The northeast corner of Bryant and 37th Avenues North is occupied by the Liberty Community Church, “the first and only African American led Presbyterian congregation in Minnesota.” The 1959 building previously housed Calvary Presbyterian. I got a closer look at it later when I walked 37th Avenue. Faithful readers who remember my walk in South(east)ern Hawthorne will recall that Liberty Community Church also has a facility there, the Northside Healing Space.
Another reprise from earlier walks is the Green Homes North project, in which the City of Minneapolis works with funding and development partners to create energy-efficient homes and construction job opportunities while revitalizing neighborhoods. In the particular case of the brand-new house at 3642 Bryant Avenue North, the funding partner was Land Bank Twin Cities and the development partner was United Developers.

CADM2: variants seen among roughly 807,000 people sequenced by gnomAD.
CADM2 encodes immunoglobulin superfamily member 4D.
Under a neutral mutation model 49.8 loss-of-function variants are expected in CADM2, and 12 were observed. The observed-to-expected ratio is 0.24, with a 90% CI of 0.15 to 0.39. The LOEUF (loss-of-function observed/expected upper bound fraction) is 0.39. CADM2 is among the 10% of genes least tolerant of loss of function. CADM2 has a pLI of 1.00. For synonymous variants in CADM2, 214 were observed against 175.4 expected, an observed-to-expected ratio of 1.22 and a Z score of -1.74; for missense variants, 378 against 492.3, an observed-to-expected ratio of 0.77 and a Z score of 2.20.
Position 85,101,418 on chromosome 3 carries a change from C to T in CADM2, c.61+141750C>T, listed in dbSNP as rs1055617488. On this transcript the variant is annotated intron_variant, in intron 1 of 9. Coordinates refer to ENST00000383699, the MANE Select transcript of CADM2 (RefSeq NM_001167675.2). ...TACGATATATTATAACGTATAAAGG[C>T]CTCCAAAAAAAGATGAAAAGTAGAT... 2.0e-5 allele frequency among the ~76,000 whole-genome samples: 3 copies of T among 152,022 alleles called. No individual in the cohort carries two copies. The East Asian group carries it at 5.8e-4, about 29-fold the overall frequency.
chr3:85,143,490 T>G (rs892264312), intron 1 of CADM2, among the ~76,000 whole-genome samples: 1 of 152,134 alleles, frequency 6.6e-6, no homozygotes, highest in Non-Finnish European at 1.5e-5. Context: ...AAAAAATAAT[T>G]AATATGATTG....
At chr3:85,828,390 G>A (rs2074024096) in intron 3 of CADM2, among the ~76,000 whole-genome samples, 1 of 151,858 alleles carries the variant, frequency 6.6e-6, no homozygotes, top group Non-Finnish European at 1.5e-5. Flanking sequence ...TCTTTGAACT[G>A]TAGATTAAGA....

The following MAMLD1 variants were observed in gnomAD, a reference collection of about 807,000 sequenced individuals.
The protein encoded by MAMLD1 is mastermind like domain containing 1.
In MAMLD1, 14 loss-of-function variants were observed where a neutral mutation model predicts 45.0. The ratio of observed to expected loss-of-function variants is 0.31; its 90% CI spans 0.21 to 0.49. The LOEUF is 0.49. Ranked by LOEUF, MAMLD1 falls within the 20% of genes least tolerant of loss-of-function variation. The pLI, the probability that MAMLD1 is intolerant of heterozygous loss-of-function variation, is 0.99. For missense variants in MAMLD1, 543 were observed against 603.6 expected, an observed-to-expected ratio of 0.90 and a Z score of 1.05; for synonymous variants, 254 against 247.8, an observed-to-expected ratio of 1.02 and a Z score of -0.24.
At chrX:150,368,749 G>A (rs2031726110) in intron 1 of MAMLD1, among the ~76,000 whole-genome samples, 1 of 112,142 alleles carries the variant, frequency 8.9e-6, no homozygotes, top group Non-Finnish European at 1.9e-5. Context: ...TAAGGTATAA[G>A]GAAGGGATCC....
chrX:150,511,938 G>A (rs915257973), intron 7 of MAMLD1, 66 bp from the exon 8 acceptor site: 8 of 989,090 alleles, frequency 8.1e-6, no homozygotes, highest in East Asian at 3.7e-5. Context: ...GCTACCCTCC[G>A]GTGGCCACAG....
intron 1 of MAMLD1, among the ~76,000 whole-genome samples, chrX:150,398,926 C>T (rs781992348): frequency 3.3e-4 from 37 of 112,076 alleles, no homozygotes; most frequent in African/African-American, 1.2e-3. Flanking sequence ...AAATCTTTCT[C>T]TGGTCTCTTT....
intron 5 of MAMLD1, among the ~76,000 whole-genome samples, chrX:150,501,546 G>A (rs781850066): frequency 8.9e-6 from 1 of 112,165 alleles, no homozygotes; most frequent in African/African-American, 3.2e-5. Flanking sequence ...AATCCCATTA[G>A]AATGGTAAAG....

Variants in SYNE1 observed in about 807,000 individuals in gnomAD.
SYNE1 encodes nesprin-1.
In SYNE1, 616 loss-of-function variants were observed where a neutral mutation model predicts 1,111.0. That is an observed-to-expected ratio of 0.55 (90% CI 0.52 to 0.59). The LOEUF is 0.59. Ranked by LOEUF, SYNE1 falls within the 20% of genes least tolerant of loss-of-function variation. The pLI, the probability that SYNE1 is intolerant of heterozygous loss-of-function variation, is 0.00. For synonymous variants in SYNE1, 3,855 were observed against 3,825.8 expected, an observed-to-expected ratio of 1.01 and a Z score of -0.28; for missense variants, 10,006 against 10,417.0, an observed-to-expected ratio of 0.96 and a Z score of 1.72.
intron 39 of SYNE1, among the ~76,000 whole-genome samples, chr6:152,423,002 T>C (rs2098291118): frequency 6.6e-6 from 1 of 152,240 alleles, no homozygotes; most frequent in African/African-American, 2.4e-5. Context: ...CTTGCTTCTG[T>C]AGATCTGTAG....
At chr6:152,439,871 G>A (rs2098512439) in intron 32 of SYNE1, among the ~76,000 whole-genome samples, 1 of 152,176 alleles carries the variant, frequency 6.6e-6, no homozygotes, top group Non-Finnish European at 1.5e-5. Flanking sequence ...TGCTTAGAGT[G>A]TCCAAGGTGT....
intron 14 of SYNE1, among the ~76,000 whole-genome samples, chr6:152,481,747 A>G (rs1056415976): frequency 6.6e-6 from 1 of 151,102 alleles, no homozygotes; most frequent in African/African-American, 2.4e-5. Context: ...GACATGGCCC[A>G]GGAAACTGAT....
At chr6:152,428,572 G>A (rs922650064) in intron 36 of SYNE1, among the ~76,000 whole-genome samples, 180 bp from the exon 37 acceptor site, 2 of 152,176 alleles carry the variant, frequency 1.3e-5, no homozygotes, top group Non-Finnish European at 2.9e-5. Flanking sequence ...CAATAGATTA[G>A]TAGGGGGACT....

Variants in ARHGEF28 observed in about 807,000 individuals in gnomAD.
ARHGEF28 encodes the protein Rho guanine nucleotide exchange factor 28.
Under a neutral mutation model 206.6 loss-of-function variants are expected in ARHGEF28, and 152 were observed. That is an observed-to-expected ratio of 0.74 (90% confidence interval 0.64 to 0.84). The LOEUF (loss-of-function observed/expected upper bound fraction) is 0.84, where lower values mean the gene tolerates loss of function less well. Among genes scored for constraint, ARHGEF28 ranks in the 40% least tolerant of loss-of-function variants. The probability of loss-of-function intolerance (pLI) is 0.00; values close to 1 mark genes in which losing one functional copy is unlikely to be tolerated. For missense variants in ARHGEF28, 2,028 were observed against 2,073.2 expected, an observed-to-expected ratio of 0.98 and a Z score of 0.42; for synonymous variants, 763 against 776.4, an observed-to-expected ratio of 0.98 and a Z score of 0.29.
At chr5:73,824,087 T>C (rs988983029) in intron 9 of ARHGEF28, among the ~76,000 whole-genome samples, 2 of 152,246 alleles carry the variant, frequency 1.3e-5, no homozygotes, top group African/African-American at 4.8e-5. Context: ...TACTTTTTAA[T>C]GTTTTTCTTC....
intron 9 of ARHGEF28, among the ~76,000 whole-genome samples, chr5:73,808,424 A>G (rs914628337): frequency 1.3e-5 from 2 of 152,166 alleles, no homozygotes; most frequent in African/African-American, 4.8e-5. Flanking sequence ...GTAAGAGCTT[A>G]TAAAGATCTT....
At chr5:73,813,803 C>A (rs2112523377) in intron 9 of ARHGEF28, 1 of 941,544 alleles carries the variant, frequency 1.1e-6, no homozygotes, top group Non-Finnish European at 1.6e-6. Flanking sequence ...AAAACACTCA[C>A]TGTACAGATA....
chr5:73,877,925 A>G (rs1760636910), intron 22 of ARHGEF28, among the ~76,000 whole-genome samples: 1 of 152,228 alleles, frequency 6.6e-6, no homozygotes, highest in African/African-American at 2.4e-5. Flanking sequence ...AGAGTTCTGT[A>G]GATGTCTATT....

One block farther south, I stopped to look toward another house that happened to also be for sale. But in this case, what drew my eye was not the house but the trees. This fall hasn’t been very good for leaf peeping, and the warm color showing over the roofline was a welcome exception.
Back on Lowry Avenue North, a cluster of commercial buildings lines the southern edge of the neighborhood. The first two photos show the grocery and automotive shops between Bryant and Aldrich Avenues North, while the third photo is from the point where I had just done my about-face at Lyndale. It primarily features the gateway structure, but you can also see at the right a commercial building with streamlined trim down its front between the two stories. Its occupant is the A-Sign and Screen Printing Company.